Divorce can be a messy, emotional process, but it becomes even more challenging when child custody is involved. Divorce with custody cases are highly sensitive, as both parents typically want to spend as much time as possible with their children after the divorce.
The Difference Between Legal and Physical Child Custody
When it comes to custody of the children, it is important to understand that there are two separate and distinct types: legal and physical custody. In most child custody cases, both parents share legal custody, which involves the ability to make decisions about the welfare of your child or children. This includes where your child goes to school, what religion he or she is, or the type of medical care that he or she receives. Physical custody refers to where the child lives, and is most often at issue in divorce with custody cases. In some cases, parents are able to split custody, while in other situations, one parent has primary physical custody. If you are divorcing and have children, we can work with you to help you understand your rights to both legal and physical custody.
The Best Interests of the Child Standard
For many parents, the first question that they ask is how a judge will determine who will get primary custody of their child or children. In a divorce with custody or any other child custody case, the standard is the best interest of the child. In other words, the court will look to what is in each child’s best interest in order to make a custody determination. This often involves evaluating a number of factors, such as the home environment of each parent, whether the parents can co-parent successfully, the distance between the parents’ homes, each parent’s ability to be a caretaker to the child, the financial and employment situation of each parent, and if the child is old enough, the child’s opinion. Unless child abuse is involved or other factors are present, most courts will attempt to award approximately equal time to each parent in a divorce with custody case. There may be scenarios where this isn’t possible, however, such as when the parents do not live close together, or where one parent works long hours.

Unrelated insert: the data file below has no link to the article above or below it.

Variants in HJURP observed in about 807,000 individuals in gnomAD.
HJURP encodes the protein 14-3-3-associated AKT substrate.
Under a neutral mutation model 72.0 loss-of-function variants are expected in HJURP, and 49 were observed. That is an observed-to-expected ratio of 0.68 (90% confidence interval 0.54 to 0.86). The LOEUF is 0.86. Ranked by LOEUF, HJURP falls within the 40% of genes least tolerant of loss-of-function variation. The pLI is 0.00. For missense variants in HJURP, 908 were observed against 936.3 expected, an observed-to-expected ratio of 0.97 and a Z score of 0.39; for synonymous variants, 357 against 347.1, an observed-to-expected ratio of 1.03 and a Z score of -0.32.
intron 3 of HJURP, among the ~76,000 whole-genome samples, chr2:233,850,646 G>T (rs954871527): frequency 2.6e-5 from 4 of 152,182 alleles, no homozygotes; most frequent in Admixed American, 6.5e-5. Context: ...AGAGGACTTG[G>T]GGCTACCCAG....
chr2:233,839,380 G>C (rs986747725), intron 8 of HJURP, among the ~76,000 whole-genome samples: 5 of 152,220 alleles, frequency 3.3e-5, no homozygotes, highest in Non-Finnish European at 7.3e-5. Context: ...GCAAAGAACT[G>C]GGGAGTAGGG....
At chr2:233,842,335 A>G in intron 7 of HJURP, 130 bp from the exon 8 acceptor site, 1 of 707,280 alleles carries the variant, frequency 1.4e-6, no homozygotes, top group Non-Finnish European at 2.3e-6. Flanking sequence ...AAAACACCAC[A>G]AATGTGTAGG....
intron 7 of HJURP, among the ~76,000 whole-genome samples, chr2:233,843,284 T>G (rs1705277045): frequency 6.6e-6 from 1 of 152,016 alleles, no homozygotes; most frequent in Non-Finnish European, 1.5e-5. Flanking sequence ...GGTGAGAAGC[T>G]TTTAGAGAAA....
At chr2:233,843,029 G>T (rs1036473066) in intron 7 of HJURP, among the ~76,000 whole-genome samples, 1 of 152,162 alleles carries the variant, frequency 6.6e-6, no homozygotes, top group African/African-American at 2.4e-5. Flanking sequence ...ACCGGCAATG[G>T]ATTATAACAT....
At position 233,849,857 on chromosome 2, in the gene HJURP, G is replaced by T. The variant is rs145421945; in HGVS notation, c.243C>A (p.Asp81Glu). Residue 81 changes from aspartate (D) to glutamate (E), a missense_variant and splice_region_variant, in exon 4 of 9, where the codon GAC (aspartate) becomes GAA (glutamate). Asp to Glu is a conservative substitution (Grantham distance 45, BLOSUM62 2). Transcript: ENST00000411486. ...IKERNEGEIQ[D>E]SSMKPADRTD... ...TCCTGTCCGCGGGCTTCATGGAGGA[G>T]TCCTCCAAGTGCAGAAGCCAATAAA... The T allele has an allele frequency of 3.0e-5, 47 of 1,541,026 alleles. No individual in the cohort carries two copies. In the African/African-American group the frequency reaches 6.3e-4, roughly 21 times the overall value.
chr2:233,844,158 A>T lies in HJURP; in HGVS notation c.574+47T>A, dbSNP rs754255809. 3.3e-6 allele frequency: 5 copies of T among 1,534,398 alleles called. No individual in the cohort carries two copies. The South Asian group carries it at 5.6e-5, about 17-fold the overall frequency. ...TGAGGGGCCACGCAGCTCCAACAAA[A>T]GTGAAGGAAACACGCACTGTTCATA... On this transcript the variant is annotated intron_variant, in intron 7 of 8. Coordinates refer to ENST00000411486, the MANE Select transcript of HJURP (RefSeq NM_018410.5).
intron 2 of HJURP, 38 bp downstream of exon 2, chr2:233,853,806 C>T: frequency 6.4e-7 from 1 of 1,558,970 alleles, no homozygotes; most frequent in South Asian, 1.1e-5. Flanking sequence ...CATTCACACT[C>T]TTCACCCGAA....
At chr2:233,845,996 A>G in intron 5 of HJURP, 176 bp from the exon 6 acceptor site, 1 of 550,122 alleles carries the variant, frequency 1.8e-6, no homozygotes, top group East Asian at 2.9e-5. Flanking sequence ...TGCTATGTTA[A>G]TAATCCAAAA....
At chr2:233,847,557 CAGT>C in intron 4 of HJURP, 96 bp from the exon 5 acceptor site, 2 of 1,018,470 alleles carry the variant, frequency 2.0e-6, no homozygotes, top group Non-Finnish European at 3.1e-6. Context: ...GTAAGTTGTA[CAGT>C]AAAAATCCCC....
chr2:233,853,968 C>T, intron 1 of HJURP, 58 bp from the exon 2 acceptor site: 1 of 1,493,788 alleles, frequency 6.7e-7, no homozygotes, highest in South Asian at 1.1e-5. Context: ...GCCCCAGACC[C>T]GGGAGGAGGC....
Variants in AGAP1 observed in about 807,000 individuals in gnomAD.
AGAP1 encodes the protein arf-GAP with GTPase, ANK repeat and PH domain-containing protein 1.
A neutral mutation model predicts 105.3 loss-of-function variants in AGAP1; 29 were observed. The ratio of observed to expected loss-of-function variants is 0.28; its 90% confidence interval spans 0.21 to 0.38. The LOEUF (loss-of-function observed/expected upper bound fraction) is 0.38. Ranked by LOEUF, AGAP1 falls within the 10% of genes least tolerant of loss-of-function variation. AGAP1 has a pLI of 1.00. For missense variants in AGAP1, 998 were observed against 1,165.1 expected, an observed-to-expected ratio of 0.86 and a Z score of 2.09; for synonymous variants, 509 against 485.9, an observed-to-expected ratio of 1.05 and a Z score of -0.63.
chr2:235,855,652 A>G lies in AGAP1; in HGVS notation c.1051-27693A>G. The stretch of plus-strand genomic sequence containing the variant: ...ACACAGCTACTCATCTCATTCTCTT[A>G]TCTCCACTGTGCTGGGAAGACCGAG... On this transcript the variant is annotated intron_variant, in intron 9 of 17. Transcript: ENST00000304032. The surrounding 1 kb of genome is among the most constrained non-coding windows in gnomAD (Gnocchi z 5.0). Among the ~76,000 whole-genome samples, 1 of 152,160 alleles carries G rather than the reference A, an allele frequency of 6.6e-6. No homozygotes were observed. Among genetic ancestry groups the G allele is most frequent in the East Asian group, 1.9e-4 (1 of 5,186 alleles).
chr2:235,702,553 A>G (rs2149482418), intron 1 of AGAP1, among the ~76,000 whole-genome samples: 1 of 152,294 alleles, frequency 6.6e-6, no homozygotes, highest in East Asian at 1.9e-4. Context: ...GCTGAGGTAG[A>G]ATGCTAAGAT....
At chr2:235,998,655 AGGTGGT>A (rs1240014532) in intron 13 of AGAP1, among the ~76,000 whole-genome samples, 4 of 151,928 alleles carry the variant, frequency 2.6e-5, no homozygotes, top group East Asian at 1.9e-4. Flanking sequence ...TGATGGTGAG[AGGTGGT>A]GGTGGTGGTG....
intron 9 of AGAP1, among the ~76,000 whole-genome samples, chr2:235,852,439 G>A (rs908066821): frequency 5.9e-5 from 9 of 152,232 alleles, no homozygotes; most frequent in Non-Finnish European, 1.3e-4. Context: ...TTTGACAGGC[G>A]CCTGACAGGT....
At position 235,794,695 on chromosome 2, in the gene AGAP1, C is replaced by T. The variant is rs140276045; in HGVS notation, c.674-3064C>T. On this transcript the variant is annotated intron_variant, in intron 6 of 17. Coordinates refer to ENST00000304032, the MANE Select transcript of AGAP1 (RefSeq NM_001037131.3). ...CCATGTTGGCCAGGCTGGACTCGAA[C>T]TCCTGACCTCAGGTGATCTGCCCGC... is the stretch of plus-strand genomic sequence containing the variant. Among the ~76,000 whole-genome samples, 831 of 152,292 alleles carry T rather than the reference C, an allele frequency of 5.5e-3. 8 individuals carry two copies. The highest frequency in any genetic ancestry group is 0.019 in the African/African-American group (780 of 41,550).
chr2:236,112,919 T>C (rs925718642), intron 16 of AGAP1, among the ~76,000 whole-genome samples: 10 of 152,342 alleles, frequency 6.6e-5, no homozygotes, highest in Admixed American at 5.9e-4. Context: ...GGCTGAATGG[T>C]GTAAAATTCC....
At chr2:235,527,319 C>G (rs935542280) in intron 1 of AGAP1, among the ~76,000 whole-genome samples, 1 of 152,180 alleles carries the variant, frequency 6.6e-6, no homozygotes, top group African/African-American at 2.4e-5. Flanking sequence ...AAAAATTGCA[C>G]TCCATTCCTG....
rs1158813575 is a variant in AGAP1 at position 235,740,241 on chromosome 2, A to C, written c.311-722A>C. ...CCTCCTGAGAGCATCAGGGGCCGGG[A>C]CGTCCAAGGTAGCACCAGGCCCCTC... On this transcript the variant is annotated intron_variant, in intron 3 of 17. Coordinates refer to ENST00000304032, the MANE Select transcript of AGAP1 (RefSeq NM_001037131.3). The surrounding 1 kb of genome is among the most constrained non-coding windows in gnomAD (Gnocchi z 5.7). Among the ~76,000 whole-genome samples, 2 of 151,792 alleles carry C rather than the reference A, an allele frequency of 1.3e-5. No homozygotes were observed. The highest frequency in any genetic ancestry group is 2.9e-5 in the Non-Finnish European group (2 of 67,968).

While the “best interests of the child” standard is a subjective one, it ultimately means what is the most ideal situation for the child given the divorce. In Texas, courts will presume that unless there has been child abuse or neglect, it is best for a child to maintain a relationship with both parents whenever possible.
When Can a Child Give His or Her Opinion about Custody?
Under Texas law, a child has the right to testify to the court about which parent he or she would like to live with when he or she is 10 years or older. However, a child’s opinion about child custody is just one factor that a court will consider in a divorce with custody case. As a Houston child custody attorney can explain, a Texas court will still consider other aspects as part of the overall best interests of the child determination.
Parenting Plans for Child Custody
A parenting plan is a necessary component of any divorce with custody case. This document sets forth the rights and duties of each parent regarding his or her child or children. This may include information such as the primary residence of the child, making decisions about health care and schooling, paying child support and more. If spouses involved in a divorce can agree to a parenting plan before starting the divorce process, it will simplify the custody determination. Our Houston child custody attorney can work with you and your spouse’s lawyer to help formulate a parenting plan that works for both parties.
Child Custody and Child Support
In divorce with custody cases, many parents are curious about how child support payments relate to child custody. Child support payments are determined by on a number of factors based on the child’s needs. Typically, the parent who has primary physical custody of a child will receive child support from the non-custodial parent. We can help you determine how child custody may impact your child support obligations.
*Read this article about “How Child Support is Calculated in Texas“.
The Role of Mediation
Increasingly, more parents in divorce with child custody cases are taking advantage of the mediation process as a way to resolve their issues without the time and expense of a full-blown trial. Mediation is a non-binding process where a neutral third party, known as a mediator, helps a couple decide the details of their divorce. In many cases, the parties are represented by child custody attorneys. A qualified mediator can help a divorcing couple come to a decision about the sticking points in their divorce — such as on child custody and support — by offering an outside opinion on the strengths and weaknesses of their case, along with guidance on how a court might rule on various issues.
If you are contemplating a divorce that will involve child custody issues, you will need an experienced Houston child custody attorney to represent you. Divorce with custody cases can be complex, and a seasoned lawyer can shepherd you through the process. Contact our office today and schedule an initial case consultation.